We exceeded our expectations of every count. We asked visitors to sign in (in return for which they got a ticket for the lavish refreshments laid on by our members). There were over 200.
More to the point, we succeeded in attracting the long-term villagers, and they brought their collections, which were duly scanned and indexed.
We ran an exhibition entitled’ Who Do You Think They Were’, featuring old photos of groups of people whom we invited visitors to help us identify.
There was a magnificent Timeline of East Meon history, an 8 x 4 ft banner setting principal events and buildings in the village against their periods in history.
Children came in numbers, and Peter O’Sullivan was a brilliant stage managers. Once again, the Saxons won one, lost one, the latter unfortunately the decider. The kids loved it. There was fierce competition for the quiz, which offered two prizes, one for ages 8 and under, the other for 9 to 15. The winners were given family tickets, valid for a year, to the Weald and Downland Open Air Museum.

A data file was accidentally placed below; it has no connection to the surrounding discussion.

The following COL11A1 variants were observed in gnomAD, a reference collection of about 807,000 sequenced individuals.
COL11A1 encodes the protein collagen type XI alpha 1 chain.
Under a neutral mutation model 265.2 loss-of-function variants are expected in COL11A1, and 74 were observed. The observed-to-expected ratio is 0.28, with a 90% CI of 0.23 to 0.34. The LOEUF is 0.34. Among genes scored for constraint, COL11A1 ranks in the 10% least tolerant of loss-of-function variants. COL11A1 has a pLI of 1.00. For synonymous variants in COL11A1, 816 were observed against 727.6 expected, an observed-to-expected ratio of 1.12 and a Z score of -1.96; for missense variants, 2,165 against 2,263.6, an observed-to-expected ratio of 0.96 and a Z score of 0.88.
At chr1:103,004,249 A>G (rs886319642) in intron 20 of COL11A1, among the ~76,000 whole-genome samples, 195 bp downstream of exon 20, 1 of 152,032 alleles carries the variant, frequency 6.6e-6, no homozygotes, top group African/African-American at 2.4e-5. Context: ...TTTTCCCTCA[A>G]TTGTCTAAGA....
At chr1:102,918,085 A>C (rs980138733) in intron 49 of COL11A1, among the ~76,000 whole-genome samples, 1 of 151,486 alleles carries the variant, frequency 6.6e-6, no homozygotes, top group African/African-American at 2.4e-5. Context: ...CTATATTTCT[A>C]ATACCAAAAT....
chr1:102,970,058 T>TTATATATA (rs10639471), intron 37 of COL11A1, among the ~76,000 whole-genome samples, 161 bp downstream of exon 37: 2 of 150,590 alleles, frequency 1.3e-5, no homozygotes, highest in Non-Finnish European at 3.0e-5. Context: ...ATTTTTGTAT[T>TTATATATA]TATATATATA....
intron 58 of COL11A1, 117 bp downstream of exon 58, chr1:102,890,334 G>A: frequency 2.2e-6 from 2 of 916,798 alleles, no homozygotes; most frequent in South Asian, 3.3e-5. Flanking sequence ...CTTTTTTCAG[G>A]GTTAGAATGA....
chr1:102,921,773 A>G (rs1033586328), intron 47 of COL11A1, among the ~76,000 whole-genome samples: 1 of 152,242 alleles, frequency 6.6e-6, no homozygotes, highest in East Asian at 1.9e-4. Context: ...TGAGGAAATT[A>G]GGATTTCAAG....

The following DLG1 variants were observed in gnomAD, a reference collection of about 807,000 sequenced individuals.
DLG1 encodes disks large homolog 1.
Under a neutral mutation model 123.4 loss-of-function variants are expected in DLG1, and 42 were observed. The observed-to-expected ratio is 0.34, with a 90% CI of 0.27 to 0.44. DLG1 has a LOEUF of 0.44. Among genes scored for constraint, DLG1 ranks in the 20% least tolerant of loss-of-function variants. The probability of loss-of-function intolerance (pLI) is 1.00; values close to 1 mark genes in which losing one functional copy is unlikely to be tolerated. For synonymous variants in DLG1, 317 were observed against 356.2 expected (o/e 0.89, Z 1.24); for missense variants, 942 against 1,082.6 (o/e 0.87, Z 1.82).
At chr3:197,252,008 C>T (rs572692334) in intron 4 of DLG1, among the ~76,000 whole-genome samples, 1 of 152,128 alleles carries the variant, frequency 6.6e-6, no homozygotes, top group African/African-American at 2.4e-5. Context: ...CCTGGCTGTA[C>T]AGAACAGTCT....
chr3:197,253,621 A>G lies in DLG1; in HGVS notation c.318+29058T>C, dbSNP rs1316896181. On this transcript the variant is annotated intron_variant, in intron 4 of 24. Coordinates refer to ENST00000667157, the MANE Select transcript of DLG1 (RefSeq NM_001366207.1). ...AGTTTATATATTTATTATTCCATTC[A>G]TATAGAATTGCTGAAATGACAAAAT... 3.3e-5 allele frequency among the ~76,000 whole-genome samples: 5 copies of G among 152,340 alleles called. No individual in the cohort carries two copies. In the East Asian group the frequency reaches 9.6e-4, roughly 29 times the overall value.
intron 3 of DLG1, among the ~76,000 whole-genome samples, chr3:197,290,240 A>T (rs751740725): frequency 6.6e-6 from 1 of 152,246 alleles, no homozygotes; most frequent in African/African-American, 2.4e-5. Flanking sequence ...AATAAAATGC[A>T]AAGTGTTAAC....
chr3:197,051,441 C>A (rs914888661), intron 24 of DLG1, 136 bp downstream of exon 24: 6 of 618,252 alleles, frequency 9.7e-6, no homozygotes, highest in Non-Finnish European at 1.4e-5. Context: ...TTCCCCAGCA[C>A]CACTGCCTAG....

A local farmer, Richard Jones, laid on an exhibition of equipment used over the years in producing dairy products, supplemented by a 1956 Massey Ferguson tractor and old plough, loaned by one of our members, Denys Ryder.
At the end of the afternoon, we laid on guided walks around the centre of the village, in which the buildings we had researched were described. The information was also contained in a coloured booklet ‘A Guide to the Historic Buildings of East Meon’, which was available on the day, and subsequently at East Meon Stores and One Tree Books in Petersfield.